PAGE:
Some apps get all the attention, sitting atop the top 25 list just begging to be downloaded. Some slip down the list and out into the iTunes wilderness, never to be heard from again. Hidden Gems is about giving these apps the attention they deserve.
I sprung $1.99 for this app at the suggestion of Mark, a commenter on last week's column. I'm extremely happy I did. It's probably the best hidden gem yet.
Wundrbar takes the search engines and mini web tools from dozens of sites and puts them all into a single app. It eliminates the need to have single purpose apps like the official Target app or the Amazon app or a unit conversion app. Instead, you can do all of this using Wundrbar because it hooks into the all the searches and tools offered by other Web sites.
Google should really take notice of Wundrbar. Search on the iPhone is a different animal than search on the desktop. On the desktop, you can go to Google and search for "lasagna recipe." You'll find one that's pretty good after visiting a couple pages.
On a limited bandwidth mobile phone, though, you don't have time to do that. You'll have to load each of these pages, none of which are optimized for mobile, and it'll take forever to find a good lasagna recipe.
Instead, Wundrbar gives you the search engine for allrecipes.com. Just type in lasagna and the app loads the results page at allrecipes.com without leaving the app.
Alternatively, I could have downloaded one of the many recipe apps in the App Store and looked for a good one in the app. But that process takes even longer than going to Google and now I'm stuck with a single purpose app on my phone I probably won't use again for another month.
Here's another example of how Wundrbar works. When I go to visit my parents who live six hours away, I might take the train to see them. To do that, I go to Amtrak.com on my phone and use their awful Web site to find what times the train leaves and arrives.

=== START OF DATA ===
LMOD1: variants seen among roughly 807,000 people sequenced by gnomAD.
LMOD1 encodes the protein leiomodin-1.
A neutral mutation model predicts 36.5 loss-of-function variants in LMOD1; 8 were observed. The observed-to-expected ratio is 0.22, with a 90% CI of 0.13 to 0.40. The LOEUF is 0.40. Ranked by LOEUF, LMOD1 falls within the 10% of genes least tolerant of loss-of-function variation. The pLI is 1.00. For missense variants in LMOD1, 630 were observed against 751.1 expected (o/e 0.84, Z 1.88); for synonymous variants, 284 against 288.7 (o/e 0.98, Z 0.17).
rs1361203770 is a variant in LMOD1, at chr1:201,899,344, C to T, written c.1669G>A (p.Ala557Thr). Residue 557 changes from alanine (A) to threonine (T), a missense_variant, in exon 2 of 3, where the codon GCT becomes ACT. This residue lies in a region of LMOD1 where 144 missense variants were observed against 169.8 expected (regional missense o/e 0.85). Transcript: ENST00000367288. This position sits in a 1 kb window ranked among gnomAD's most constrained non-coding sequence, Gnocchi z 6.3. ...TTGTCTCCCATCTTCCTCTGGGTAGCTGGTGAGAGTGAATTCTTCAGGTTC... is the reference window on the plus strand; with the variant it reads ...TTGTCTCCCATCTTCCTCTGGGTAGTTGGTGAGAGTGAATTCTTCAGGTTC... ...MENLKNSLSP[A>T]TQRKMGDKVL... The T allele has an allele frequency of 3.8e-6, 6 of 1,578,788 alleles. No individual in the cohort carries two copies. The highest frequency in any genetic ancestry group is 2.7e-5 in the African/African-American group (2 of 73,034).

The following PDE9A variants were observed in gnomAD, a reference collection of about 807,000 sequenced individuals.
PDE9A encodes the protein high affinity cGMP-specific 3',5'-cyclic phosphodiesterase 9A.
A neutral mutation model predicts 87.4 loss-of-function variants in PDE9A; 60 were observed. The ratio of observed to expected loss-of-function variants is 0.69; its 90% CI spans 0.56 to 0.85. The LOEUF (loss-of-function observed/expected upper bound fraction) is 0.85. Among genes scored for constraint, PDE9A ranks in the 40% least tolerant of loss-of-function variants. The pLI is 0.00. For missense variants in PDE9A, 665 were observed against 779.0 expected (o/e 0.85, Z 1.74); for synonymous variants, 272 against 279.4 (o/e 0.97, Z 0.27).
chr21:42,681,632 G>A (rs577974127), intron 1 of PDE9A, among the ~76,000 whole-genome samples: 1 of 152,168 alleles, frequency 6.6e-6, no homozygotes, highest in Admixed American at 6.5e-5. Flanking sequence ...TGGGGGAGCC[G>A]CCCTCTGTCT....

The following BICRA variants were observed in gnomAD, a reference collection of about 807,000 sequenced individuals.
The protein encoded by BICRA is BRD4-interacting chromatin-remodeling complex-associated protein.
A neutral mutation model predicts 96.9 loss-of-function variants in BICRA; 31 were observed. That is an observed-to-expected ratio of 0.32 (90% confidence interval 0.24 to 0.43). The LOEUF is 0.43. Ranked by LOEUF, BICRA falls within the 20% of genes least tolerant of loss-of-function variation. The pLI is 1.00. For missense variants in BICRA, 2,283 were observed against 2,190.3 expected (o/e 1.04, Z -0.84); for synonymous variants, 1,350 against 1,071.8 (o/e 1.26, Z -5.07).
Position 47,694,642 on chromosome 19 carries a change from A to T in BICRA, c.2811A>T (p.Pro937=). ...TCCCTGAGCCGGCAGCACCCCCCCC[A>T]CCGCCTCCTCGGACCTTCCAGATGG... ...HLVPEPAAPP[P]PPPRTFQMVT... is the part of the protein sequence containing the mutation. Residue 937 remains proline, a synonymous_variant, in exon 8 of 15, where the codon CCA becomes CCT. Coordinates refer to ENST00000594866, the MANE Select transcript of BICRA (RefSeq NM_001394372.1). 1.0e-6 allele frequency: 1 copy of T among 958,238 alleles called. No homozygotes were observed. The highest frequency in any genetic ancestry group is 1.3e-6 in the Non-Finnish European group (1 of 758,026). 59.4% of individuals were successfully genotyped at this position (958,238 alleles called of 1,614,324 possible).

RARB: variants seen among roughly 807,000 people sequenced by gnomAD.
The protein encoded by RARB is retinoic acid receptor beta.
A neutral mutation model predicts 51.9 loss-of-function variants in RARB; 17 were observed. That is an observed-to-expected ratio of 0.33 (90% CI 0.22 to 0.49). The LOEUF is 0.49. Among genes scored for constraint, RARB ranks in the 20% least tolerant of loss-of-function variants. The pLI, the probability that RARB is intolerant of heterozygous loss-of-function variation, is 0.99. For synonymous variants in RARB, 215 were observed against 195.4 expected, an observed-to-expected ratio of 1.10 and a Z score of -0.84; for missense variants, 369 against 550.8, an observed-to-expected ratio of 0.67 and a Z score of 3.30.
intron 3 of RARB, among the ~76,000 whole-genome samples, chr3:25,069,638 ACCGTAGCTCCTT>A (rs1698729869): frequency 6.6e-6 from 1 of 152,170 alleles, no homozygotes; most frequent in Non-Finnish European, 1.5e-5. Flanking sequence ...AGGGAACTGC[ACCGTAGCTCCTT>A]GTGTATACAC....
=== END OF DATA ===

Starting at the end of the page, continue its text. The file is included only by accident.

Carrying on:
The Amtrak search in Wundrbar gives you all the relevant search criteria (stations, time, passengers) you would find on Amtrak's Web site and, when you hit search, it loads the results from Amtrak's Web site inside the app. That's far better than loading Amtrak's Web site on its own.
That's just a taste, but there are searches for IMDB, numerous travel sites, Wikipedia, Rotten Tomatoes, Target, Best Buy, Amazon, among others. There are also simple little tools like Google: Unit Conversion or Google: Translate.
The genius of Wundrbar is that it murders those single use apps that clog up your iPhone and, at the same time, makes it so much faster to search Web sites you only visit once in a while.
Wundrbar is only a little over a month old and could definitely use some improvements, primarily with regard to personalization. You can pick favorites out of the list of sites available, but more robust customization with better categorization is definitely needed.
As it stands, it's still a great buy and an amazing hidden gem. As a rule, search has been regarded as free but here I think they've earned it.
I expect this app to improve over time simply because they're onto something here and would be stupid not to.
Also, I dislike the icon. In fact, I despise it.
Wunder Radio ($5.99)
I'm listing Wunder Radio here as the hidden gem, but, honestly, I think all radio apps are hidden gems simply because they should be used nearly every day by any iPhone user who also owns a car.
Unfortunately, the experience of connecting your iPhone (or your iPod) to your car stereo sucks badly. An FM transmitter simply doesn't do a decent enough a job of brining the benefits of an iPhone to the car. In fact, it's actually worse than listening to the radio because of all the interference.